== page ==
The last few days we have been busy mowing and baling hay. Almost 800 bales this cut. The fields were lush and beautiful this year.
Monday we mowed.
Tuesday we teddered. This process spreads out the hay and helps it dry a little faster.
Today we baled.
It was picked up and in the barn it went!

Friday, May 1, 2020

Let's Catch Up Part 4 - April

This was an interesting month for sure. To be quite honest not much changed in my world except for the fact I wasn't leaving to work my dogs each week. I stayed busy learning new skills in the kitchen. I helped my sister in the greenhouse. We plotted and planned our garden this year. We have plans to add a new one. I placed a couple of online orders for fresh produce a time or two. I made two trips out to the feed store.

Meanwhile, back on the homestead...
The first weekend of the month my new bees were set to arrive. I got the hives ready and waiting.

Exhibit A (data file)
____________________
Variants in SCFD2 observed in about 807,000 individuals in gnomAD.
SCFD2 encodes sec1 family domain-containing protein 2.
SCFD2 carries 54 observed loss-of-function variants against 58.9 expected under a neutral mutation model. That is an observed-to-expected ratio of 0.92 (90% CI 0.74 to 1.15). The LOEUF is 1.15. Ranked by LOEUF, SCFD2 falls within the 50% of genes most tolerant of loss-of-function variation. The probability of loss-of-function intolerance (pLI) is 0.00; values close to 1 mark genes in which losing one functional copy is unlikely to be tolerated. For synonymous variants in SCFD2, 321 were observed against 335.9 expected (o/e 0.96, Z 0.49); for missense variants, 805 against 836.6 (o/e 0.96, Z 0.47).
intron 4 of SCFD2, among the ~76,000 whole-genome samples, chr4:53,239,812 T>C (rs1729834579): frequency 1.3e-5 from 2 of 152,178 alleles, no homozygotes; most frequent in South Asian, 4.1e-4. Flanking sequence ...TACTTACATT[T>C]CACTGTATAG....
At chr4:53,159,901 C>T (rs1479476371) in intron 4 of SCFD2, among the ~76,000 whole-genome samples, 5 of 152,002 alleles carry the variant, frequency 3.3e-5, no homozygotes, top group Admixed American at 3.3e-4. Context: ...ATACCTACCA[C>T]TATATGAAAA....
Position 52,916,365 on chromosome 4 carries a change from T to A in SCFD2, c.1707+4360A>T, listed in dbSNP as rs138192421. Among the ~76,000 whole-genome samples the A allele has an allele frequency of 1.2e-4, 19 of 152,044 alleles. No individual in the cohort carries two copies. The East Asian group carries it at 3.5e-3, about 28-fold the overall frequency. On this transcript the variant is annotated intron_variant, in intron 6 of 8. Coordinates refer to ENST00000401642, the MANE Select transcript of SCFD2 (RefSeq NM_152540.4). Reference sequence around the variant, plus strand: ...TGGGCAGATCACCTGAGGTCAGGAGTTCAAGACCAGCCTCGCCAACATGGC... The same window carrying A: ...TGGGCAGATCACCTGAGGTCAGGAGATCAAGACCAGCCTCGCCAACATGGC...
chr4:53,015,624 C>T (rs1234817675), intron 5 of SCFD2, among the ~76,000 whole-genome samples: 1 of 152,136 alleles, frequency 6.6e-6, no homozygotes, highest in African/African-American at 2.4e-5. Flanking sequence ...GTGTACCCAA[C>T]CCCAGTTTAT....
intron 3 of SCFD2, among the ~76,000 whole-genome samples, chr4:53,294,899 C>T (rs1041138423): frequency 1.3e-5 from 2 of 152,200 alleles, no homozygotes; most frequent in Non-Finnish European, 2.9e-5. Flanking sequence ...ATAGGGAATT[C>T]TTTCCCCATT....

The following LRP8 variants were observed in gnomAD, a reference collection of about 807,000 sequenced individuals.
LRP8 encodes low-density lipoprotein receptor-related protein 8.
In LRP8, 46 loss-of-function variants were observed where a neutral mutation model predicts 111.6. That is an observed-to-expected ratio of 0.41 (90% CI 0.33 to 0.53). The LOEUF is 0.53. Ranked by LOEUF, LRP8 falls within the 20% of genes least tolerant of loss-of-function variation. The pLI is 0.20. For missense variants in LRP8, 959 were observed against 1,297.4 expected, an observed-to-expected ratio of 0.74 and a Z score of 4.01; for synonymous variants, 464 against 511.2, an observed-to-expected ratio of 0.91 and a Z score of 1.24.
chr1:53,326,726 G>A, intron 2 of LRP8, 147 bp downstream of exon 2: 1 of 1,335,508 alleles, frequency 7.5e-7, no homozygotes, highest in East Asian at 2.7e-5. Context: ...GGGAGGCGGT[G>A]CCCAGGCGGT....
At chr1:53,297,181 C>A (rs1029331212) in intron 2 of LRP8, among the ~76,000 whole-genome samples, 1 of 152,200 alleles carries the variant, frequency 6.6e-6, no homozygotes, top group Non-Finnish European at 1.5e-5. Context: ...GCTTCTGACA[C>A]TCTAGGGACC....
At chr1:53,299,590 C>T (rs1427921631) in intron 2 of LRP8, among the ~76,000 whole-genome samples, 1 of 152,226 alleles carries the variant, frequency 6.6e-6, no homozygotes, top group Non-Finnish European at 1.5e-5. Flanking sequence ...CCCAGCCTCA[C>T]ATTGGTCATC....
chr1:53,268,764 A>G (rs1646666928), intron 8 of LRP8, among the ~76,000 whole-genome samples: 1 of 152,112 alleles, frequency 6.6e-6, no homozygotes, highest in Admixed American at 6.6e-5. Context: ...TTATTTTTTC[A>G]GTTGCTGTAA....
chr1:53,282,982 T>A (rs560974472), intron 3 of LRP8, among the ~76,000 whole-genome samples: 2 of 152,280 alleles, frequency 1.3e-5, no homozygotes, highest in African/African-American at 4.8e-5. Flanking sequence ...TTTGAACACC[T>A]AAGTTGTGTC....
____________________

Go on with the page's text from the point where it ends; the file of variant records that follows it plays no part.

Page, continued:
We got the new asparagus bed done and planted 70 crowns. To the right of the beds in the first pic will be the high tunnel hoop houses. THIS is FINALLY the year! Yay! there will be 2 each will be 14 feet wide and 36 feet long.

 Our last goat kidded and blessed us with 2 beautiful does!
The boys got the chicken tractor fixed. The meat birds were moved out of the brooder.
The strawberries, blackberries and blueberries are loaded with blooms. I think it is going to be a bountiful year.

I have been harvesting greens from the pots planted last month and the garden is coming along nicely.

We dropped the bull at the end of the month and should have him back in about 2 weeks.
Life is good... on the homestead.

Let's Catch Up Part 3 - March

March is the month that the homestead start picking up pace. Garden prep gets started. Early plants and potatoes go in the ground. Very busy times for sure.
The new layer chicks arrived the first part of the month. 8 speckled sussex are set to join the flock later this spring.
Our first set of lambs were born. They are a suffolk/icelandic cross. A ram and a ewe. They are pretty stinking cute and were born with short tails. No docking needed!